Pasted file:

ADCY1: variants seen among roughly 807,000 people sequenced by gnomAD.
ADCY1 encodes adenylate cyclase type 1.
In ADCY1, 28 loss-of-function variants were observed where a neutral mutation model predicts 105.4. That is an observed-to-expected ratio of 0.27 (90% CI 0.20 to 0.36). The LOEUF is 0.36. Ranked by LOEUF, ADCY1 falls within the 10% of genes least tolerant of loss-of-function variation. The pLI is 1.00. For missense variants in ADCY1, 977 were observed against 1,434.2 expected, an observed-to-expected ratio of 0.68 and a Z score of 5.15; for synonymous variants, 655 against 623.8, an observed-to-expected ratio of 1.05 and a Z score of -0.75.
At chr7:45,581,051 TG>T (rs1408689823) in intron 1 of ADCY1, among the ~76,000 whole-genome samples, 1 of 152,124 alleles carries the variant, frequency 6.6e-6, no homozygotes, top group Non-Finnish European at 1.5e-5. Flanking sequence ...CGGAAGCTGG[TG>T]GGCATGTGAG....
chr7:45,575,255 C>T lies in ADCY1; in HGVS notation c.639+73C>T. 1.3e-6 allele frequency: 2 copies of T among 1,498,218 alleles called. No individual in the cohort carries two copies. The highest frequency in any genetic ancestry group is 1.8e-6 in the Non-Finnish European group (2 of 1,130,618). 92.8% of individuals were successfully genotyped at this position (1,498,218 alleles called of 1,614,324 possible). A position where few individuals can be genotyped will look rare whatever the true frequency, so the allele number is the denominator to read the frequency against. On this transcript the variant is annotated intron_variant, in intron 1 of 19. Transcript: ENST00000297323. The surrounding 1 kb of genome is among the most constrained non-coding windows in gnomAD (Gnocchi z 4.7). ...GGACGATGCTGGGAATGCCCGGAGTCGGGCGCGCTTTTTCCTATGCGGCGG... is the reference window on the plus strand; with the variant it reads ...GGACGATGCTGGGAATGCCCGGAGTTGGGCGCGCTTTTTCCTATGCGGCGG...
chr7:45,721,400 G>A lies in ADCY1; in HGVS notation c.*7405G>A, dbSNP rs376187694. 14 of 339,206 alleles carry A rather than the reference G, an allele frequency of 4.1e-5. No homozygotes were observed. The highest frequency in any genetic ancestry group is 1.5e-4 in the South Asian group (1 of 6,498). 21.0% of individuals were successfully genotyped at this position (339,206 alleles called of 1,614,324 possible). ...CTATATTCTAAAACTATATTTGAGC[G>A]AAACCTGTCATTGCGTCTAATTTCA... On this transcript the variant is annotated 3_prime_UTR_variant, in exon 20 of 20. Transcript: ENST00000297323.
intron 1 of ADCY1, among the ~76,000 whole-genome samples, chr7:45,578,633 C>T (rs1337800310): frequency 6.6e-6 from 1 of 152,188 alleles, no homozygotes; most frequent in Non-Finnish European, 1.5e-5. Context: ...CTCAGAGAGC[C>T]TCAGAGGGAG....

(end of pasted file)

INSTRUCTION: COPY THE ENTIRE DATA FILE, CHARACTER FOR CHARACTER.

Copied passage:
ADCY1: variants seen among roughly 807,000 people sequenced by gnomAD.
ADCY1 encodes adenylate cyclase type 1.
In ADCY1, 28 loss-of-function variants were observed where a neutral mutation model predicts 105.4. That is an observed-to-expected ratio of 0.27 (90% CI 0.20 to 0.36). The LOEUF is 0.36. Ranked by LOEUF, ADCY1 falls within the 10% of genes least tolerant of loss-of-function variation. The pLI is 1.00. For missense variants in ADCY1, 977 were observed against 1,434.2 expected, an observed-to-expected ratio of 0.68 and a Z score of 5.15; for synonymous variants, 655 against 623.8, an observed-to-expected ratio of 1.05 and a Z score of -0.75.
At chr7:45,581,051 TG>T (rs1408689823) in intron 1 of ADCY1, among the ~76,000 whole-genome samples, 1 of 152,124 alleles carries the variant, frequency 6.6e-6, no homozygotes, top group Non-Finnish European at 1.5e-5. Flanking sequence ...CGGAAGCTGG[TG>T]GGCATGTGAG....
chr7:45,575,255 C>T lies in ADCY1; in HGVS notation c.639+73C>T. 1.3e-6 allele frequency: 2 copies of T among 1,498,218 alleles called. No individual in the cohort carries two copies. The highest frequency in any genetic ancestry group is 1.8e-6 in the Non-Finnish European group (2 of 1,130,618). 92.8% of individuals were successfully genotyped at this position (1,498,218 alleles called of 1,614,324 possible). A position where few individuals can be genotyped will look rare whatever the true frequency, so the allele number is the denominator to read the frequency against. On this transcript the variant is annotated intron_variant, in intron 1 of 19. Transcript: ENST00000297323. The surrounding 1 kb of genome is among the most constrained non-coding windows in gnomAD (Gnocchi z 4.7). ...GGACGATGCTGGGAATGCCCGGAGTCGGGCGCGCTTTTTCCTATGCGGCGG... is the reference window on the plus strand; with the variant it reads ...GGACGATGCTGGGAATGCCCGGAGTTGGGCGCGCTTTTTCCTATGCGGCGG...
chr7:45,721,400 G>A lies in ADCY1; in HGVS notation c.*7405G>A, dbSNP rs376187694. 14 of 339,206 alleles carry A rather than the reference G, an allele frequency of 4.1e-5. No homozygotes were observed. The highest frequency in any genetic ancestry group is 1.5e-4 in the South Asian group (1 of 6,498). 21.0% of individuals were successfully genotyped at this position (339,206 alleles called of 1,614,324 possible). ...CTATATTCTAAAACTATATTTGAGC[G>A]AAACCTGTCATTGCGTCTAATTTCA... On this transcript the variant is annotated 3_prime_UTR_variant, in exon 20 of 20. Transcript: ENST00000297323.
intron 1 of ADCY1, among the ~76,000 whole-genome samples, chr7:45,578,633 C>T (rs1337800310): frequency 6.6e-6 from 1 of 152,188 alleles, no homozygotes; most frequent in Non-Finnish European, 1.5e-5. Context: ...CTCAGAGAGC[C>T]TCAGAGGGAG....